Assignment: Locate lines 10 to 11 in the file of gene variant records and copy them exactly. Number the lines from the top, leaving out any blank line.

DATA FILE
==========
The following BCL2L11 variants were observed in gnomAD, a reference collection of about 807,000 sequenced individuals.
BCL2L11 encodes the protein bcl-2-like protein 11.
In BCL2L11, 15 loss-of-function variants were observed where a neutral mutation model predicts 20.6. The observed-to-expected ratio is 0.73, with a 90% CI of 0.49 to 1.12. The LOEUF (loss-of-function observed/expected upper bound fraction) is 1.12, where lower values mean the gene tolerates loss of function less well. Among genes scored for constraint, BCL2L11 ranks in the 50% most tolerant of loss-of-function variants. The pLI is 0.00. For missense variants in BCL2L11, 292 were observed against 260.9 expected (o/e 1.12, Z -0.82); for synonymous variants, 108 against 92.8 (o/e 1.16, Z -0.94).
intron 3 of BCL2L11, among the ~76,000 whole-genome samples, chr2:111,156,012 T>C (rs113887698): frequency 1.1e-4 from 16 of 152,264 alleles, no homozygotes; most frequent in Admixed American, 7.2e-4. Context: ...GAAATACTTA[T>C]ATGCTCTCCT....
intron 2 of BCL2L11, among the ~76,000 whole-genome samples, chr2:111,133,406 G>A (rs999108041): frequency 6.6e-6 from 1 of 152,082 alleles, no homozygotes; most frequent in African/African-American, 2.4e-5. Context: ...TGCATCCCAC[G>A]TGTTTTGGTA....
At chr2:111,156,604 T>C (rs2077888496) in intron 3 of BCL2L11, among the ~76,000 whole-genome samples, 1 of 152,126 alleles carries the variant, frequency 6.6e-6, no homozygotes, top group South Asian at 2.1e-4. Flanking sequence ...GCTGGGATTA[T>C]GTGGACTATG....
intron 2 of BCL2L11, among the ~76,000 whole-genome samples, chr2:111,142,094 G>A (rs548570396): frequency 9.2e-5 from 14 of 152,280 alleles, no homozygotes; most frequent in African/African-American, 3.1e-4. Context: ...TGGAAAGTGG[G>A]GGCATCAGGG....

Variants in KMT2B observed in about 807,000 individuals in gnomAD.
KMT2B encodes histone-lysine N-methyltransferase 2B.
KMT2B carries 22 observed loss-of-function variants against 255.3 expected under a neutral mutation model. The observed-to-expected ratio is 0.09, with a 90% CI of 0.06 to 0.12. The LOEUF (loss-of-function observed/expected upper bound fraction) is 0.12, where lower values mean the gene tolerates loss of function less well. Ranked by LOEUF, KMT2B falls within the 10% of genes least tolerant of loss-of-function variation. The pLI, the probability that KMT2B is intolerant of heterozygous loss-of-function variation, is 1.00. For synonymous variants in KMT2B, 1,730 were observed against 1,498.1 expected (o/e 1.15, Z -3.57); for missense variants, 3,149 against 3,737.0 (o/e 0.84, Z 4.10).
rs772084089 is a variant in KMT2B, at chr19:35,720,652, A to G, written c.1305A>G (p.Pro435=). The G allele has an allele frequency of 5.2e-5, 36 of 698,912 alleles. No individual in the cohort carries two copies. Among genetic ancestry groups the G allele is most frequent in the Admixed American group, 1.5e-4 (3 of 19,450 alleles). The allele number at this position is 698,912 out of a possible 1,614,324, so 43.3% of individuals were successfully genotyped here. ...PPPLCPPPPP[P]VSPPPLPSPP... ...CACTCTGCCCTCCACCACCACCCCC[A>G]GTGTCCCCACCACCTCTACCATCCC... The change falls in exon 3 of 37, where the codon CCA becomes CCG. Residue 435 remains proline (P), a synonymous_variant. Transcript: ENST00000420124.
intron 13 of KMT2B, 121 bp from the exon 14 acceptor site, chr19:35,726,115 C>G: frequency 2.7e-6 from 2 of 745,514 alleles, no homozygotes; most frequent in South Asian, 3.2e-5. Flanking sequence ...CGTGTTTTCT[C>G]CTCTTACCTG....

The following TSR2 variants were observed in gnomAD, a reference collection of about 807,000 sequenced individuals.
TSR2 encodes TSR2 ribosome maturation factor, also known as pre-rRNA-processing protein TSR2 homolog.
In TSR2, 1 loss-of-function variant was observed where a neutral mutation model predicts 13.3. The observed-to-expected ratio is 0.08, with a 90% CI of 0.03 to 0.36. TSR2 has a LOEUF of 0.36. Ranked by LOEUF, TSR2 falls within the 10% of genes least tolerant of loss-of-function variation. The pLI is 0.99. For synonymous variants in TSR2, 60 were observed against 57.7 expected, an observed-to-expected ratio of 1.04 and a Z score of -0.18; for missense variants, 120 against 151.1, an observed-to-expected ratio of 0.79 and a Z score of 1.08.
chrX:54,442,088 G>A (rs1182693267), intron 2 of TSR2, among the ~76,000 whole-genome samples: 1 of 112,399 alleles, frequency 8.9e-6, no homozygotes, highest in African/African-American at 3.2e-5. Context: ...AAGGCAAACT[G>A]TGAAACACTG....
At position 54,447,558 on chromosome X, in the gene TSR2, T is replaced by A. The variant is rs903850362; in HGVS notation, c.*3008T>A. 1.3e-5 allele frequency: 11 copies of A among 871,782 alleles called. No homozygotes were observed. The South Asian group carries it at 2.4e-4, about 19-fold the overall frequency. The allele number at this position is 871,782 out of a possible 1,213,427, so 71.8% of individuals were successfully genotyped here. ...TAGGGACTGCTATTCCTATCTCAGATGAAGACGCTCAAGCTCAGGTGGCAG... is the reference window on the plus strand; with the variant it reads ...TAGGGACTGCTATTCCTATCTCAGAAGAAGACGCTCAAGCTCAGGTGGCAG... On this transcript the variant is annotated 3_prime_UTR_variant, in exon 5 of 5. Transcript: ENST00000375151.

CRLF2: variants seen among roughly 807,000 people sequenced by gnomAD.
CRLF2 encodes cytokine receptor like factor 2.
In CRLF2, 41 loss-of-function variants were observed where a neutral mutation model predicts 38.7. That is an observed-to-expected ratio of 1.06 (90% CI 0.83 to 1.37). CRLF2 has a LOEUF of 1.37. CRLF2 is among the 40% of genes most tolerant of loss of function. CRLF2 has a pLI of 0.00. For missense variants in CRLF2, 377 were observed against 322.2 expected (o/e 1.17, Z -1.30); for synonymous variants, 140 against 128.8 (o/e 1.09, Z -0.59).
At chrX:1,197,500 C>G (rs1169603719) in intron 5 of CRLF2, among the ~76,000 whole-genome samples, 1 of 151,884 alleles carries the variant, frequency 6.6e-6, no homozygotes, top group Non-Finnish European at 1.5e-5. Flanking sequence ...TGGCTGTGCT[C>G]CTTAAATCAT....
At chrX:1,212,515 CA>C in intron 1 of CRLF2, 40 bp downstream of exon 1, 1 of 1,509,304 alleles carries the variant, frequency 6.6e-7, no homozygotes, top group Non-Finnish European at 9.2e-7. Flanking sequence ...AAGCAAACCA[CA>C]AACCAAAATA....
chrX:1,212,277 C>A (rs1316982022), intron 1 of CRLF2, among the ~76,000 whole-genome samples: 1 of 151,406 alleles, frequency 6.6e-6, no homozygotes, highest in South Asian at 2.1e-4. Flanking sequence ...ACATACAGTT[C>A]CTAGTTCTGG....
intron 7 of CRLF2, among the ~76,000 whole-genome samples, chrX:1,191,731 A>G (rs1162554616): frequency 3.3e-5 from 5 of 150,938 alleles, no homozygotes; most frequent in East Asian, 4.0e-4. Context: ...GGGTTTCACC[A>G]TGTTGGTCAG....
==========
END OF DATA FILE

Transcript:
KMT2B carries 22 observed loss-of-function variants against 255.3 expected under a neutral mutation model. The observed-to-expected ratio is 0.09, with a 90% CI of 0.06 to 0.12. The LOEUF (loss-of-function observed/expected upper bound fraction) is 0.12, where lower values mean the gene tolerates loss of function less well. Ranked by LOEUF, KMT2B falls within the 10% of genes least tolerant of loss-of-function variation. The pLI, the probability that KMT2B is intolerant of heterozygous loss-of-function variation, is 1.00. For synonymous variants in KMT2B, 1,730 were observed against 1,498.1 expected (o/e 1.15, Z -3.57); for missense variants, 3,149 against 3,737.0 (o/e 0.84, Z 4.10).
rs772084089 is a variant in KMT2B, at chr19:35,720,652, A to G, written c.1305A>G (p.Pro435=). The G allele has an allele frequency of 5.2e-5, 36 of 698,912 alleles. No individual in the cohort carries two copies. Among genetic ancestry groups the G allele is most frequent in the Admixed American group, 1.5e-4 (3 of 19,450 alleles). The allele number at this position is 698,912 out of a possible 1,614,324, so 43.3% of individuals were successfully genotyped here. ...PPPLCPPPPP[P]VSPPPLPSPP... ...CACTCTGCCCTCCACCACCACCCCC[A>G]GTGTCCCCACCACCTCTACCATCCC... The change falls in exon 3 of 37, where the codon CCA becomes CCG. Residue 435 remains proline (P), a synonymous_variant. Transcript: ENST00000420124.